Fourth meeting on downtown master plan scheduled
By SCOTT AUST
To make sure all who are interested have ample opportunity to provide input, Garden City's community development department has scheduled a fourth meeting to discuss the downtown master plan.
"We had some discussion after the last meeting and folks felt like concerns weren't addressed to the level they would have liked," Sam Henderson, city planner, said. "We want to make sure this plan is done right. It's going to be the master plan, so we're not in any rush to get it done."
The fourth meeting is scheduled for 6 to 8 p.m. April 9 in the meeting room on the second floor of the City Administrative Center, 301 N. Eighth St.
The master plan is intended to guide improvements or enhancements that will help attract more business and general activity to downtown.
Ideas that have been talked about during past public meetings have been reconfiguring Main Street to three lanes, making some streets one-way, improving street maintenance, traffic signals, creating space for sculpture and art, altering the pedestrian "bump outs" that extend into intersections, and whether to repair or replace some of the brick streets.
Three other public hearings were held Jan. 22, Feb. 5 and March 12 to gather input from property and business owners in and around the central business district that city staff will then use to prepare the master plan.
Eventually, a document will be prepared based on all the input gathered that will be presented first to the planning commission for discussion. From there, the master plan would go to the city commission for discussion and possible decision on prioritizing potential improvements in the plan for placement into the city's capital improvement plan.
At the last public meeting, the May 16 planning commission was identified as the next step for the proposed plan. Henderson said there's no hurry to get the plan finished and in the hands of the commission.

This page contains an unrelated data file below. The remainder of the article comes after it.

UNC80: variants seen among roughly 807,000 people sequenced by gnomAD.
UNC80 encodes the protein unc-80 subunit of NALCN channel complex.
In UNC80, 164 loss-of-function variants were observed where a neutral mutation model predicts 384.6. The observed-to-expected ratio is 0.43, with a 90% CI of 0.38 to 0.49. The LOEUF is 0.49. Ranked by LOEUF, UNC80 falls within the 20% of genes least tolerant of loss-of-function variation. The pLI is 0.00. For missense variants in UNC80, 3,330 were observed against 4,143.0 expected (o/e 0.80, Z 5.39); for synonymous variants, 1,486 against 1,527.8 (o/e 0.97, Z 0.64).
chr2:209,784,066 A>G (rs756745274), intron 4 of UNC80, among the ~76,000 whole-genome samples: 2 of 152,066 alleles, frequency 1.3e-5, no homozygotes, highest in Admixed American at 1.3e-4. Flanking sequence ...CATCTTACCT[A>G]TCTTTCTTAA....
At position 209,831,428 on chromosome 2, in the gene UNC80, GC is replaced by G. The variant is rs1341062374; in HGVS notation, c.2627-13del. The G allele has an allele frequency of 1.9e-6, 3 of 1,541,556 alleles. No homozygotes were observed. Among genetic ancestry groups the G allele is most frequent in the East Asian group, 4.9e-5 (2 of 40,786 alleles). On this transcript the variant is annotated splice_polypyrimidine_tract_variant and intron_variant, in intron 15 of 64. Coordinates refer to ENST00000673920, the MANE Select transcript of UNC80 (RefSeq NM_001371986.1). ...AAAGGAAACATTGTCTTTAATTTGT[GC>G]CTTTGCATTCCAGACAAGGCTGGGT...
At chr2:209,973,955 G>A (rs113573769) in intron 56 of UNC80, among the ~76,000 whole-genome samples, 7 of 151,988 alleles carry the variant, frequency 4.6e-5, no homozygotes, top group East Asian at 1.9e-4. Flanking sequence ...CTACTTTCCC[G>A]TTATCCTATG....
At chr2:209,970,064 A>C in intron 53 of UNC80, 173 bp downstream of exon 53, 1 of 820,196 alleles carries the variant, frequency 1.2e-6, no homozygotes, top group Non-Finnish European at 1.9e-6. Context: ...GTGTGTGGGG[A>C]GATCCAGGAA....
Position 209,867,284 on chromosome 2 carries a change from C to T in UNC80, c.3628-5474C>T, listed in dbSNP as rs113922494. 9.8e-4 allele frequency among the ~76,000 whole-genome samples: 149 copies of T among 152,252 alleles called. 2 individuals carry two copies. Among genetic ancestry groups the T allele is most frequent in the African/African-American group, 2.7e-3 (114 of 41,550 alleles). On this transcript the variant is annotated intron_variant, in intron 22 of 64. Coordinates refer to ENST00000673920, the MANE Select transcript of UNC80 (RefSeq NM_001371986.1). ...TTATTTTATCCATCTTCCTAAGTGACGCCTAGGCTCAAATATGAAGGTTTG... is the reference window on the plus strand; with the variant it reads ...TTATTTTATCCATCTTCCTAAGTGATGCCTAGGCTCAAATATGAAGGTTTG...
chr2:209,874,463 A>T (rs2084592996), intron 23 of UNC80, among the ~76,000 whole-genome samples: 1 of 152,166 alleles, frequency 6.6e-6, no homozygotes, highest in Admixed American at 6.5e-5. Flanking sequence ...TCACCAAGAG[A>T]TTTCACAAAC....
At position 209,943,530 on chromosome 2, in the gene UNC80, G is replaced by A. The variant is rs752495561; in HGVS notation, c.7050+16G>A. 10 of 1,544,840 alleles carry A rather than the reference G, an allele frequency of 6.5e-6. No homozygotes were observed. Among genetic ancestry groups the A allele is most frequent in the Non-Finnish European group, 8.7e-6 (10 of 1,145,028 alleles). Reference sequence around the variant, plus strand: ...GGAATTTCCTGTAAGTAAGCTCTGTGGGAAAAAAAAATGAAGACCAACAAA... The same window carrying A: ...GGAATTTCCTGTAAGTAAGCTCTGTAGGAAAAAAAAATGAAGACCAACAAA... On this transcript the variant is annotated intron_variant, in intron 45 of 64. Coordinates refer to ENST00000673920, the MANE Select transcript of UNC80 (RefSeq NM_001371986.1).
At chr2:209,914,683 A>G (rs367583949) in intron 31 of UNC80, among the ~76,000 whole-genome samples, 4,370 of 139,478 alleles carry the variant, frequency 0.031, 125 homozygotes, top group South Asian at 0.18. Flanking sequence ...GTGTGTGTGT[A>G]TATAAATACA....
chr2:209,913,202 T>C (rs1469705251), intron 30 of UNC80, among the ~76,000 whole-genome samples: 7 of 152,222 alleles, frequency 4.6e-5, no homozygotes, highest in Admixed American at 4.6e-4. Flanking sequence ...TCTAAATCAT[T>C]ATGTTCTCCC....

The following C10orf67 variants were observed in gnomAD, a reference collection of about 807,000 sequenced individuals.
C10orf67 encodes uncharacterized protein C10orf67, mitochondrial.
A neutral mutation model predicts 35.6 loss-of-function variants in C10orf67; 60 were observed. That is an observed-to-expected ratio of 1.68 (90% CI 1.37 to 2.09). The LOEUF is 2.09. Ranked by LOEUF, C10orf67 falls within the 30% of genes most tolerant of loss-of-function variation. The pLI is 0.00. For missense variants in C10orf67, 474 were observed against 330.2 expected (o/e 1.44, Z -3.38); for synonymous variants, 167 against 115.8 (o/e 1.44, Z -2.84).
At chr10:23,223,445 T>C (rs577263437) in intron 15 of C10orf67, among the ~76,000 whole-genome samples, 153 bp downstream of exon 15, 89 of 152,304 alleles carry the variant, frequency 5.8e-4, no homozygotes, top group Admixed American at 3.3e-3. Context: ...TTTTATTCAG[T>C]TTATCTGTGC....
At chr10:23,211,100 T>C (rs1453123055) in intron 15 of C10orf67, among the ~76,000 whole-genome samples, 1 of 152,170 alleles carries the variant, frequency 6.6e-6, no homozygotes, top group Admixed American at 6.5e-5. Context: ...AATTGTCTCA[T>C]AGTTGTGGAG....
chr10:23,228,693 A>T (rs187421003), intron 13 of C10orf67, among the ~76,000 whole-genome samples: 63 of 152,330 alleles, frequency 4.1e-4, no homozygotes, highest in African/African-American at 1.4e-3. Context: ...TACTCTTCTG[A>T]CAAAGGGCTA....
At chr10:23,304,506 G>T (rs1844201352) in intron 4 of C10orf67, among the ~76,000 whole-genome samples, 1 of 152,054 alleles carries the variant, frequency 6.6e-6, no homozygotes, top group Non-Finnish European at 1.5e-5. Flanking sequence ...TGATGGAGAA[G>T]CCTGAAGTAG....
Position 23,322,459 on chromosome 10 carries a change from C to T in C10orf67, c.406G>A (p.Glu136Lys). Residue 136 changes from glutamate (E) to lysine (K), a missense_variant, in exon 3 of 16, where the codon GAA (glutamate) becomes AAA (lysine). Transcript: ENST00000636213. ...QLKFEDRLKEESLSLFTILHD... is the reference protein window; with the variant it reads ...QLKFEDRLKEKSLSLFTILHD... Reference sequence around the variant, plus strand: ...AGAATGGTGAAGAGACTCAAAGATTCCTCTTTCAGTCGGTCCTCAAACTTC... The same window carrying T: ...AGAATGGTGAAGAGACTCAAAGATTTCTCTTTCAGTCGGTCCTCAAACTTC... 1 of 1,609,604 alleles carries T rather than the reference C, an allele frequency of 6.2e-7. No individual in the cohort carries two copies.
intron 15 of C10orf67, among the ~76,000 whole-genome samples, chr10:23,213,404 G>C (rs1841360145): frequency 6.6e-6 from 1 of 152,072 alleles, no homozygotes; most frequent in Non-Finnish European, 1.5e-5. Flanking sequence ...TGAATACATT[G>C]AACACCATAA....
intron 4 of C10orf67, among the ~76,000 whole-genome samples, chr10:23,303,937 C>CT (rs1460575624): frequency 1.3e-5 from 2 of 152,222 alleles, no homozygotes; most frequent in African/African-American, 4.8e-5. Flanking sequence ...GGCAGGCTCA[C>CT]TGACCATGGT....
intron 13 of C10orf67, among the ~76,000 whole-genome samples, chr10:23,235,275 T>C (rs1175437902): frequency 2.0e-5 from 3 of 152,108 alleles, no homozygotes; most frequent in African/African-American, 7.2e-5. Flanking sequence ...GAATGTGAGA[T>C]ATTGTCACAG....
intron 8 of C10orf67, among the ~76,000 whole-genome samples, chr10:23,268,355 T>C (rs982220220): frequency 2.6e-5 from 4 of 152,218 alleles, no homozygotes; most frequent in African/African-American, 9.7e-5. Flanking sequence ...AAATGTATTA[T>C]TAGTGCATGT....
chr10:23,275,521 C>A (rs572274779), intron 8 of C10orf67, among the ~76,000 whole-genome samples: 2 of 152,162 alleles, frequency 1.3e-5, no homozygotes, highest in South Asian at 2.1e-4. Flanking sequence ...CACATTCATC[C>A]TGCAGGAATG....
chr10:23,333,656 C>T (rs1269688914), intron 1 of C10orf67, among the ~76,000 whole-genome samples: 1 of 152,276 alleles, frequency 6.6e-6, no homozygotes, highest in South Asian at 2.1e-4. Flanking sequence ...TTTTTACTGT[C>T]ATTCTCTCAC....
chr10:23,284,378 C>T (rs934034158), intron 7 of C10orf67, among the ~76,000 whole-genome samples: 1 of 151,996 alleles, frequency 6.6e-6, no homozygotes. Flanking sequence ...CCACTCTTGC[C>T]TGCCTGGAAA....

"We want to make sure it's done to everyone's satisfaction, or at least to the satisfaction of as many people as we possibly can," he said. "That's why we decided to add more meetings. And whether or not we can get it to the commission for review in May remains to be seen. That's not a hard deadline."
Henderson said it's possible more public meetings may be scheduled to ensure as many concerns are resolved before the plan is ready for the next step.
The goal of the fourth meeting is to get additional input from all concerned citizens, including those in the downtown area and its immediate surroundings, about the character of the downtown area, Main Street and residential areas within the downtown, or any other topics people would like to discuss.
"We basically want to know what people want to see," Henderson said. "We're not looking for anything specific. We're not trying to steer it at all. Some folks felt they weren't being heard to the level they want, and so we're just making sure we have some extra meetings to make sure people have a chance to express how they feel."
The city urges people to submit drawings, pictures and any other proposals or visions about what the downtown should be or what it should look like to firstname.lastname@example.org, or bring them to the April 9 meeting.
People with questions or concerns also may contact the planning and community development department at 276-1170.